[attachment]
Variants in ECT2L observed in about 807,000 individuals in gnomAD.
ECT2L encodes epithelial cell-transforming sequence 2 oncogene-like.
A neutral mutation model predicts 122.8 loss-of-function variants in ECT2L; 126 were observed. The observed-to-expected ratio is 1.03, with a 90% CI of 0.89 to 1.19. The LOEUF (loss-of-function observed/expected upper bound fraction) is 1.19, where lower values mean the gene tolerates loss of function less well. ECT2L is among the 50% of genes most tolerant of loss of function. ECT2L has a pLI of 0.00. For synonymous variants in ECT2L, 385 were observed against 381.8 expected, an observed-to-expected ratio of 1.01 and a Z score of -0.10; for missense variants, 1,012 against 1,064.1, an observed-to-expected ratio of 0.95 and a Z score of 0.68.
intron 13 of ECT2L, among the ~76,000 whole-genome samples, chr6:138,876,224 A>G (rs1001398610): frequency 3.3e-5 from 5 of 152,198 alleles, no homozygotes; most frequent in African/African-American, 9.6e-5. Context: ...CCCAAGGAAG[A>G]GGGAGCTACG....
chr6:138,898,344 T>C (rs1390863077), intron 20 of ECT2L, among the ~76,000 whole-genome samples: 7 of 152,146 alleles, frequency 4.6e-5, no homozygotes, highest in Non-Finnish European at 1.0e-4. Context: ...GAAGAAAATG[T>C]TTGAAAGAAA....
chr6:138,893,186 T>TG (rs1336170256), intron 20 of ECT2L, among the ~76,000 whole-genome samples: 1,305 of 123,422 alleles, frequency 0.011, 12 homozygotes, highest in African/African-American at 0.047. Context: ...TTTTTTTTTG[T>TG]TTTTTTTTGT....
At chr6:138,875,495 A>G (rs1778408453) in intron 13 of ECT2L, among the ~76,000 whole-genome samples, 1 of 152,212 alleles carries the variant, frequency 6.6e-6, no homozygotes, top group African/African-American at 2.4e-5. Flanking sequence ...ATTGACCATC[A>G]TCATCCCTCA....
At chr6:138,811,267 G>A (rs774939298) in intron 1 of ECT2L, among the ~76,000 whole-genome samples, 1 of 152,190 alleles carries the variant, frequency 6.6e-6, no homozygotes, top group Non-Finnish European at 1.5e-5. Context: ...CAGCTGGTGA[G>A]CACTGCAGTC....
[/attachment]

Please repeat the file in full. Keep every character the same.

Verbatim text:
Variants in ECT2L observed in about 807,000 individuals in gnomAD.
ECT2L encodes epithelial cell-transforming sequence 2 oncogene-like.
A neutral mutation model predicts 122.8 loss-of-function variants in ECT2L; 126 were observed. The observed-to-expected ratio is 1.03, with a 90% CI of 0.89 to 1.19. The LOEUF (loss-of-function observed/expected upper bound fraction) is 1.19, where lower values mean the gene tolerates loss of function less well. ECT2L is among the 50% of genes most tolerant of loss of function. ECT2L has a pLI of 0.00. For synonymous variants in ECT2L, 385 were observed against 381.8 expected, an observed-to-expected ratio of 1.01 and a Z score of -0.10; for missense variants, 1,012 against 1,064.1, an observed-to-expected ratio of 0.95 and a Z score of 0.68.
intron 13 of ECT2L, among the ~76,000 whole-genome samples, chr6:138,876,224 A>G (rs1001398610): frequency 3.3e-5 from 5 of 152,198 alleles, no homozygotes; most frequent in African/African-American, 9.6e-5. Context: ...CCCAAGGAAG[A>G]GGGAGCTACG....
chr6:138,898,344 T>C (rs1390863077), intron 20 of ECT2L, among the ~76,000 whole-genome samples: 7 of 152,146 alleles, frequency 4.6e-5, no homozygotes, highest in Non-Finnish European at 1.0e-4. Context: ...GAAGAAAATG[T>C]TTGAAAGAAA....
chr6:138,893,186 T>TG (rs1336170256), intron 20 of ECT2L, among the ~76,000 whole-genome samples: 1,305 of 123,422 alleles, frequency 0.011, 12 homozygotes, highest in African/African-American at 0.047. Context: ...TTTTTTTTTG[T>TG]TTTTTTTTGT....
At chr6:138,875,495 A>G (rs1778408453) in intron 13 of ECT2L, among the ~76,000 whole-genome samples, 1 of 152,212 alleles carries the variant, frequency 6.6e-6, no homozygotes, top group African/African-American at 2.4e-5. Flanking sequence ...ATTGACCATC[A>G]TCATCCCTCA....
At chr6:138,811,267 G>A (rs774939298) in intron 1 of ECT2L, among the ~76,000 whole-genome samples, 1 of 152,190 alleles carries the variant, frequency 6.6e-6, no homozygotes, top group Non-Finnish European at 1.5e-5. Context: ...CAGCTGGTGA[G>A]CACTGCAGTC....